This is a rustic campground in a state recreation area located a mile east of the town of Lone Pine on Nebraska's Highway 20 an entry point of the sand hills region. Nearby are available excursions down the Wild and Scenic designated Niobrabra river. There are several motor sites and a group site, as well as a tenting section. Some of the sites are large and would accommodate rigs short of a fifth wheel but the amenities are limited to a hand actuated water pump and outhouses. The entire area is protected from wind in a ravine of a tributary creek to the Niobrabra. There are transmission towers to the East that have distracting aircraft warning beacons, but is otherwise a peaceful and well maintained area. The site we camped on had a paved pad and mowed grounds about a 1/2 acre in size. Nebraskans like to camp in large groups, so occasionally you may run into some crowds. All of those we ran into were respectful of quite time and well behaved.
Niobrabra is a gem of a park and the best of six or so I have stayed in Nebraska. It is located overlooking he confluence of the Missouri and Niobrabra rivers. The vistas have a one way narrow gauge road system to enable bicycles and small cars to enjoy the breeze and the wonderful views. Our stay was to short to fully experience the surrounding area, but the park offers equestrian rides by reservation through acres of beautiful grasslands overlooking the best scenery Nebraska has to offer. It has an RV section, a smaller primitive RV section without services and places for tents and group camps. There are also large and what looked to be modern cabins available for rental. It is a bit off the beaten path, but the road (State HWY 12) is good all the way to the park and although narrow would service a large rig. On our way out we also found a casino about 10 miles East on the Santee Indian Reservation.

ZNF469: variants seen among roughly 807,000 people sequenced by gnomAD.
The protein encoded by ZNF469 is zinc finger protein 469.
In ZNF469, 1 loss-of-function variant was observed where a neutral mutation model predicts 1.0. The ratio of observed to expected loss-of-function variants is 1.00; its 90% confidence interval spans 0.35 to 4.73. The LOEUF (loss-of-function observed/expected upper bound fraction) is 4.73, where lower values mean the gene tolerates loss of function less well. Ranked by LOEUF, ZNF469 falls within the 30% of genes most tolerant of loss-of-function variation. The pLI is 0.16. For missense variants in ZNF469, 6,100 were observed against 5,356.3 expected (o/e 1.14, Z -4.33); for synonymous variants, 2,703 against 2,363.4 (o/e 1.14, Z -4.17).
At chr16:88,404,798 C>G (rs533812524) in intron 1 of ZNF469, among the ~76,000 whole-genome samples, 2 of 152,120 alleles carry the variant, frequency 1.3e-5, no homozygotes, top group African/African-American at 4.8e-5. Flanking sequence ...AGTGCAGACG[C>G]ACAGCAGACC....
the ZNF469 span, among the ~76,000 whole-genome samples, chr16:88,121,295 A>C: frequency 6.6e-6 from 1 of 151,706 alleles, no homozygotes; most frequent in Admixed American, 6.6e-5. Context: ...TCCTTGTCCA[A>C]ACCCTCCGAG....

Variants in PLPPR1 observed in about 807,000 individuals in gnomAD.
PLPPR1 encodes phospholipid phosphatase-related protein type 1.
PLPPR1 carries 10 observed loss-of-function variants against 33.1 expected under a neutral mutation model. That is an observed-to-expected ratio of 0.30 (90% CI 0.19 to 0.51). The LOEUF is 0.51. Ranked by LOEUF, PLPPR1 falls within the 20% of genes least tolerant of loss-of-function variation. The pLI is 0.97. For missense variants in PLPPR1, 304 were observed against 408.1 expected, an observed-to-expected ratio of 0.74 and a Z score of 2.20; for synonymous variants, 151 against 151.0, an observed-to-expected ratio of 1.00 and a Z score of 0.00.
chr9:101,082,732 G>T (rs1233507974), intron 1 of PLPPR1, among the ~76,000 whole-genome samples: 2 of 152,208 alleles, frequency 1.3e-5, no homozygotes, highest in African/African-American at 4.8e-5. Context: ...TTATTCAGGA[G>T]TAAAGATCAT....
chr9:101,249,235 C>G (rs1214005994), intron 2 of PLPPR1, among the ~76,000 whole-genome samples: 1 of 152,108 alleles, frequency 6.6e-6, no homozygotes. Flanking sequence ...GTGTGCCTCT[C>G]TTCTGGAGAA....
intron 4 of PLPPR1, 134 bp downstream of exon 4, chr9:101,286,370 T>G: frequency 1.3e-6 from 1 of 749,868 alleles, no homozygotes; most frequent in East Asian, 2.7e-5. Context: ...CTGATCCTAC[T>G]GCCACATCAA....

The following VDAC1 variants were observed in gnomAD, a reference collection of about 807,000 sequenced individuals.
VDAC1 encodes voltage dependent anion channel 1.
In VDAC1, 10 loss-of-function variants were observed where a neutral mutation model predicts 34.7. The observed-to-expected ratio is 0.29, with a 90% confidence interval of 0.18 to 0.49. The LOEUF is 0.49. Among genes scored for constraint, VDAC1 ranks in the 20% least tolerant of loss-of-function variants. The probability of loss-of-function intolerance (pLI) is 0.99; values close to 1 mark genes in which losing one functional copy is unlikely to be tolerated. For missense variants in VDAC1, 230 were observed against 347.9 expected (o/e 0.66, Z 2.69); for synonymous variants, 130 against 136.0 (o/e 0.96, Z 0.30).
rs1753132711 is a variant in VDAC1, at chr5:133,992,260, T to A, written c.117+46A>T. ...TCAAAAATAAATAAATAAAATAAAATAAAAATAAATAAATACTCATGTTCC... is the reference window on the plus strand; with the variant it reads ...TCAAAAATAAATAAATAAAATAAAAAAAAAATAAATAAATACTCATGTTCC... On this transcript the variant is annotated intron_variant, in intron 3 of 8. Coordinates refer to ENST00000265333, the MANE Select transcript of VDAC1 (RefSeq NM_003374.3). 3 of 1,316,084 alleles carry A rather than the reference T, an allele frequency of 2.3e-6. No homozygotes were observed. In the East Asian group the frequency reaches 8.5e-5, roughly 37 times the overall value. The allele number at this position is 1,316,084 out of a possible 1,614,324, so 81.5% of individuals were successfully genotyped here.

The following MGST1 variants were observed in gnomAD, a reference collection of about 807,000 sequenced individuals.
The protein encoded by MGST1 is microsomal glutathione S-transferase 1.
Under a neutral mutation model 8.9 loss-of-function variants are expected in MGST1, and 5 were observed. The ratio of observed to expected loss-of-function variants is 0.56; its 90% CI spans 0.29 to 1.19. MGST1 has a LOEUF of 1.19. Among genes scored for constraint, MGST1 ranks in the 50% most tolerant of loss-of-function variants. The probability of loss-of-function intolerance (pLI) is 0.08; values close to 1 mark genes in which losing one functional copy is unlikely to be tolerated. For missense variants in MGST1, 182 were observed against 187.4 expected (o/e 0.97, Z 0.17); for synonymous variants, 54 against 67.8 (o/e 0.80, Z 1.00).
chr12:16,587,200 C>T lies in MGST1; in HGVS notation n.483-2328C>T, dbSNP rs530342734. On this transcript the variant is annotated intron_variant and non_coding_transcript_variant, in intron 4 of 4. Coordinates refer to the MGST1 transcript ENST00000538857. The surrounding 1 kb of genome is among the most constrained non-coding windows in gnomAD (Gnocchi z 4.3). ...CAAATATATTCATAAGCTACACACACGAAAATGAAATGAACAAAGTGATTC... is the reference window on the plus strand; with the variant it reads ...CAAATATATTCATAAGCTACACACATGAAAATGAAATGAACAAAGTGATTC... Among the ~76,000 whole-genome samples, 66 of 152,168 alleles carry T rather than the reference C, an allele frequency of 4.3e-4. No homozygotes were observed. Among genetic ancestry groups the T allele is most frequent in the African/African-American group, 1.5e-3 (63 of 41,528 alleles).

Those who enter this campground should be wary. While the service is cheerful, the amenities are listed accurately and the restrooms are clean – there are some very large potential downsides to camping here. The biggest problem is the sheer volume of noise at this site generated by train traffic and freeway noise. While the double lane freeway traffic echoing off the opposing mountain may not bother a person in a substantial RV, the train noise is frequent and close. The trains run about every three hours on a 24 hour basis and in addition to loud diesel electric motors, the tracks are bad resulting in wheel drag and screech. There is a train track on both sides of the freeway and the adjacency of a large mountain directs all the noise back into the campground. The only upside I can see is the location on the freeway between Denver and Colorado Springs and if you find yourself in need of a one night stop, this is the most available and accessible site in the area.